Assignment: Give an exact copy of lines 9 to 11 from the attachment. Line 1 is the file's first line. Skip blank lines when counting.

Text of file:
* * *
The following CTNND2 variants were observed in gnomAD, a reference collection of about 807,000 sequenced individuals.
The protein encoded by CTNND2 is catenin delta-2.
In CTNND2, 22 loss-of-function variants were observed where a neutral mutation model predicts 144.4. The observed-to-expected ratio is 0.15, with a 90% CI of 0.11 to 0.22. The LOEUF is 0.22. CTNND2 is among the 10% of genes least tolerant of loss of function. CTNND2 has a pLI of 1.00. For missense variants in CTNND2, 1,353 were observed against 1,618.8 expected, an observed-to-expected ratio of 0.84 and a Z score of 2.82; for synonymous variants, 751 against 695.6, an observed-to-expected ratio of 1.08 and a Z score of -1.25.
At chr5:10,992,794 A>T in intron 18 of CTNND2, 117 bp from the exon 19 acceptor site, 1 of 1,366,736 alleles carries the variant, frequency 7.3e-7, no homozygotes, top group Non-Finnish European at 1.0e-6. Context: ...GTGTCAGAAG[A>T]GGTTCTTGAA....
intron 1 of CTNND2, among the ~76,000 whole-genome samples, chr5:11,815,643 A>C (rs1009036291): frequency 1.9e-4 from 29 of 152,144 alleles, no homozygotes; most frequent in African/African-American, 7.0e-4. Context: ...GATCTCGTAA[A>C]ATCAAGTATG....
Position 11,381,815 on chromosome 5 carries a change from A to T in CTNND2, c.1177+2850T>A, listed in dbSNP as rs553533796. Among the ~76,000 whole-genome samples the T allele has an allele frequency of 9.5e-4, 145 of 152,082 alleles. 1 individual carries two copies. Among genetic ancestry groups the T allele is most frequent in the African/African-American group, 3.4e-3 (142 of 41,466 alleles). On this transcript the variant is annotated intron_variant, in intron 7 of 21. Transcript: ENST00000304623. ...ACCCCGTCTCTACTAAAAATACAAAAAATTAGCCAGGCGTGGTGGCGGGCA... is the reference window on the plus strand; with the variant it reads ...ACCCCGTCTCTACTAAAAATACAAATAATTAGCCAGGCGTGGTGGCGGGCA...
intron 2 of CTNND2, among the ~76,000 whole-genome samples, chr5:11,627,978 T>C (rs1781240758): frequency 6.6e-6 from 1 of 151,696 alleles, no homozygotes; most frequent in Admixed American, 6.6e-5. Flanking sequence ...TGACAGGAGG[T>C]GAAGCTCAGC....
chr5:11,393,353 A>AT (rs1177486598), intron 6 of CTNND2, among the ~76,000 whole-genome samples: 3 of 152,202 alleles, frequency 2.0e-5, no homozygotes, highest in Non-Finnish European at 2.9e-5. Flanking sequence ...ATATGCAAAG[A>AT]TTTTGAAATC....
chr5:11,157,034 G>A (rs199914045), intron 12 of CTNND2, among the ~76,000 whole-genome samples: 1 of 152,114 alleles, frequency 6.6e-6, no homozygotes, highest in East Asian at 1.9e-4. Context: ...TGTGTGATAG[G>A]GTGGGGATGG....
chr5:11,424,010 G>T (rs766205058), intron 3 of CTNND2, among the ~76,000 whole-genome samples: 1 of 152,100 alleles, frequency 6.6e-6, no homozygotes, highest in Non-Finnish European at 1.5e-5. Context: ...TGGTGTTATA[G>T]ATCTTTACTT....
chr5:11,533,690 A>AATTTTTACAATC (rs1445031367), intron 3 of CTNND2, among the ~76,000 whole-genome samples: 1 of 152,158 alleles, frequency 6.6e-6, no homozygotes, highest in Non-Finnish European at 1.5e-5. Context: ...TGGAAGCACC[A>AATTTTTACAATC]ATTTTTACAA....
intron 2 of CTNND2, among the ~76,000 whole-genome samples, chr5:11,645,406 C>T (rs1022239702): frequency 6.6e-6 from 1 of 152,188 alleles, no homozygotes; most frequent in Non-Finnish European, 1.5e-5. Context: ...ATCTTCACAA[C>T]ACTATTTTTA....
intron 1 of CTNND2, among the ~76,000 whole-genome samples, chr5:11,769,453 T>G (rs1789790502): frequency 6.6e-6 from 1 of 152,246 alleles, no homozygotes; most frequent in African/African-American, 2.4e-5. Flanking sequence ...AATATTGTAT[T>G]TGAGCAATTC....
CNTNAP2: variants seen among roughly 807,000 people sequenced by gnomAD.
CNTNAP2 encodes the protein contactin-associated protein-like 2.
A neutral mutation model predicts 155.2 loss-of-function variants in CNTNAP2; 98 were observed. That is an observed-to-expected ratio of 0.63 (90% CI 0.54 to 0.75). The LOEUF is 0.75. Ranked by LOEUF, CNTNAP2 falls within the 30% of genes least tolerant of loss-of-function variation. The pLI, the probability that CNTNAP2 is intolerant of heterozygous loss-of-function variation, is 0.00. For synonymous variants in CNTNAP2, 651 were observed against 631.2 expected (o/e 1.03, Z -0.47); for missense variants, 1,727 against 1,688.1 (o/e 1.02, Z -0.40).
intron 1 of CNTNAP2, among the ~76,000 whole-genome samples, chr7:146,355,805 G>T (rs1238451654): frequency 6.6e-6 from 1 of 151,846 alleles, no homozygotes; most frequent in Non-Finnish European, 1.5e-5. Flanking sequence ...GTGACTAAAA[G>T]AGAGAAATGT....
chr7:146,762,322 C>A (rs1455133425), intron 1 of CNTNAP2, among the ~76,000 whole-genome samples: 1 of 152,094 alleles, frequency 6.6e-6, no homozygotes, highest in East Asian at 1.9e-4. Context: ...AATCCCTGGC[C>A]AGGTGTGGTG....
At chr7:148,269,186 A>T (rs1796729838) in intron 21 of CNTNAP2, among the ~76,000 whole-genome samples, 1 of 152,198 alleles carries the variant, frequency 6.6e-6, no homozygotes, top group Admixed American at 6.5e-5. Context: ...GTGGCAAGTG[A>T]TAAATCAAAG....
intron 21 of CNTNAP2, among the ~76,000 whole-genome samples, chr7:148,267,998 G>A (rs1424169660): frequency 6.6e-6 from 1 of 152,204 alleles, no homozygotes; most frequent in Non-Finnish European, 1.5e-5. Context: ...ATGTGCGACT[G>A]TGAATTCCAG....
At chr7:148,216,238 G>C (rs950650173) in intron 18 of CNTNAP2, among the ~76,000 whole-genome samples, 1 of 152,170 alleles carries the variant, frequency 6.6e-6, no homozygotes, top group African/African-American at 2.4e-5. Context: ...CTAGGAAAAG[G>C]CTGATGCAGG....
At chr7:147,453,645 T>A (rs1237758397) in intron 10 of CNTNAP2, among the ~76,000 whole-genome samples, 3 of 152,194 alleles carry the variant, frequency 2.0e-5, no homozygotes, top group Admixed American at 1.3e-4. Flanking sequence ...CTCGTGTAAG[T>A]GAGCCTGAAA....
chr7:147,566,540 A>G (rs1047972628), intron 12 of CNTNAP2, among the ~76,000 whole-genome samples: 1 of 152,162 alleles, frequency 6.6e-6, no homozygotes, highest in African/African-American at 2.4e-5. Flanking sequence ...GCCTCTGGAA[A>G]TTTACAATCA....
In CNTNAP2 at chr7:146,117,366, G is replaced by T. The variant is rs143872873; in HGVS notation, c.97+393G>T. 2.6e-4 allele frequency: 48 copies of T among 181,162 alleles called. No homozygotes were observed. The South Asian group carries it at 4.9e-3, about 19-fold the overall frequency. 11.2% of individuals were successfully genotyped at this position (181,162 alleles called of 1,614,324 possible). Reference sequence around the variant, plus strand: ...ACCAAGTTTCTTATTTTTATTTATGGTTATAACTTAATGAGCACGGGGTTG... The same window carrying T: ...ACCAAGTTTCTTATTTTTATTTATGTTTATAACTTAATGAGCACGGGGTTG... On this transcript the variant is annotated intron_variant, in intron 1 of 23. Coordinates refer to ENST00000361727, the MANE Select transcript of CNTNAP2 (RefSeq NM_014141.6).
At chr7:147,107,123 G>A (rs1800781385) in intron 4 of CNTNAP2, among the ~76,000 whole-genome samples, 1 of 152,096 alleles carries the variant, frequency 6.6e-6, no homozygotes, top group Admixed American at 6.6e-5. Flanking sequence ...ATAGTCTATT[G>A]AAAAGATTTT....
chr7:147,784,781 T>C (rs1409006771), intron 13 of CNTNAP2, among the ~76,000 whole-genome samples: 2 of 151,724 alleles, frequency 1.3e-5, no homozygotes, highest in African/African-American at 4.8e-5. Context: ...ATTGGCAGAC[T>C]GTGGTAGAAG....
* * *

chr5:11,157,034 G>A (rs199914045), intron 12 of CTNND2, among the ~76,000 whole-genome samples: 1 of 152,114 alleles, frequency 6.6e-6, no homozygotes, highest in East Asian at 1.9e-4. Context: ...TGTGTGATAG[G>A]GTGGGGATGG....
chr5:11,424,010 G>T (rs766205058), intron 3 of CTNND2, among the ~76,000 whole-genome samples: 1 of 152,100 alleles, frequency 6.6e-6, no homozygotes, highest in Non-Finnish European at 1.5e-5. Context: ...TGGTGTTATA[G>T]ATCTTTACTT....
chr5:11,533,690 A>AATTTTTACAATC (rs1445031367), intron 3 of CTNND2, among the ~76,000 whole-genome samples: 1 of 152,158 alleles, frequency 6.6e-6, no homozygotes, highest in Non-Finnish European at 1.5e-5. Context: ...TGGAAGCACC[A>AATTTTTACAATC]ATTTTTACAA....